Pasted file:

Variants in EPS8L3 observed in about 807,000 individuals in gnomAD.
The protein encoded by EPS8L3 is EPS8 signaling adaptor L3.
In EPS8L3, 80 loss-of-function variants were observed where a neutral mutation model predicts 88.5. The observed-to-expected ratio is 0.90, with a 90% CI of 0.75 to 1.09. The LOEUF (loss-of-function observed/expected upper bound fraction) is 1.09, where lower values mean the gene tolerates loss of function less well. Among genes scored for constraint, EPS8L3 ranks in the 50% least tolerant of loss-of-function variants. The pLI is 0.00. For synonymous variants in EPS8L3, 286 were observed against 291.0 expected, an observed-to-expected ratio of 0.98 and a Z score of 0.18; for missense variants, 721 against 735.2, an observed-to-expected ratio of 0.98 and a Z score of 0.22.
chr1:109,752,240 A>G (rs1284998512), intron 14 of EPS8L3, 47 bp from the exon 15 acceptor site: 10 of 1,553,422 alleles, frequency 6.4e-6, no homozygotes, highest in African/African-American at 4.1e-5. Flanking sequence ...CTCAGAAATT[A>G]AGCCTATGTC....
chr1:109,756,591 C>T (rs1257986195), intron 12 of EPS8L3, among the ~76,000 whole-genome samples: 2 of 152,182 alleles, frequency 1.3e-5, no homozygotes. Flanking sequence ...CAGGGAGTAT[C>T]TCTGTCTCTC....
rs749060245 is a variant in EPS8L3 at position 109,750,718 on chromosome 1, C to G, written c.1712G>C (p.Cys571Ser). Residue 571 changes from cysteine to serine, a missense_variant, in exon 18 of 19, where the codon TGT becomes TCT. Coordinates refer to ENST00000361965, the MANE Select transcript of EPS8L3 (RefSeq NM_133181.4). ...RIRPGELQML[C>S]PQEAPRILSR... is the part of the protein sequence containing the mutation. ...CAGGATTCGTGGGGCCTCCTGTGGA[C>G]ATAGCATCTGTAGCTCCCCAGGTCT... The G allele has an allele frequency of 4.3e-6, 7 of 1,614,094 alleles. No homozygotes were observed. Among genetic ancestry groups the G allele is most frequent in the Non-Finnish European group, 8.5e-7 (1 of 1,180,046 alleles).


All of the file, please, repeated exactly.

Variants in EPS8L3 observed in about 807,000 individuals in gnomAD.
The protein encoded by EPS8L3 is EPS8 signaling adaptor L3.
In EPS8L3, 80 loss-of-function variants were observed where a neutral mutation model predicts 88.5. The observed-to-expected ratio is 0.90, with a 90% CI of 0.75 to 1.09. The LOEUF (loss-of-function observed/expected upper bound fraction) is 1.09, where lower values mean the gene tolerates loss of function less well. Among genes scored for constraint, EPS8L3 ranks in the 50% least tolerant of loss-of-function variants. The pLI is 0.00. For synonymous variants in EPS8L3, 286 were observed against 291.0 expected, an observed-to-expected ratio of 0.98 and a Z score of 0.18; for missense variants, 721 against 735.2, an observed-to-expected ratio of 0.98 and a Z score of 0.22.
chr1:109,752,240 A>G (rs1284998512), intron 14 of EPS8L3, 47 bp from the exon 15 acceptor site: 10 of 1,553,422 alleles, frequency 6.4e-6, no homozygotes, highest in African/African-American at 4.1e-5. Flanking sequence ...CTCAGAAATT[A>G]AGCCTATGTC....
chr1:109,756,591 C>T (rs1257986195), intron 12 of EPS8L3, among the ~76,000 whole-genome samples: 2 of 152,182 alleles, frequency 1.3e-5, no homozygotes. Flanking sequence ...CAGGGAGTAT[C>T]TCTGTCTCTC....
rs749060245 is a variant in EPS8L3 at position 109,750,718 on chromosome 1, C to G, written c.1712G>C (p.Cys571Ser). Residue 571 changes from cysteine to serine, a missense_variant, in exon 18 of 19, where the codon TGT becomes TCT. Coordinates refer to ENST00000361965, the MANE Select transcript of EPS8L3 (RefSeq NM_133181.4). ...RIRPGELQML[C>S]PQEAPRILSR... is the part of the protein sequence containing the mutation. ...CAGGATTCGTGGGGCCTCCTGTGGA[C>G]ATAGCATCTGTAGCTCCCCAGGTCT... The G allele has an allele frequency of 4.3e-6, 7 of 1,614,094 alleles. No homozygotes were observed. Among genetic ancestry groups the G allele is most frequent in the Non-Finnish European group, 8.5e-7 (1 of 1,180,046 alleles).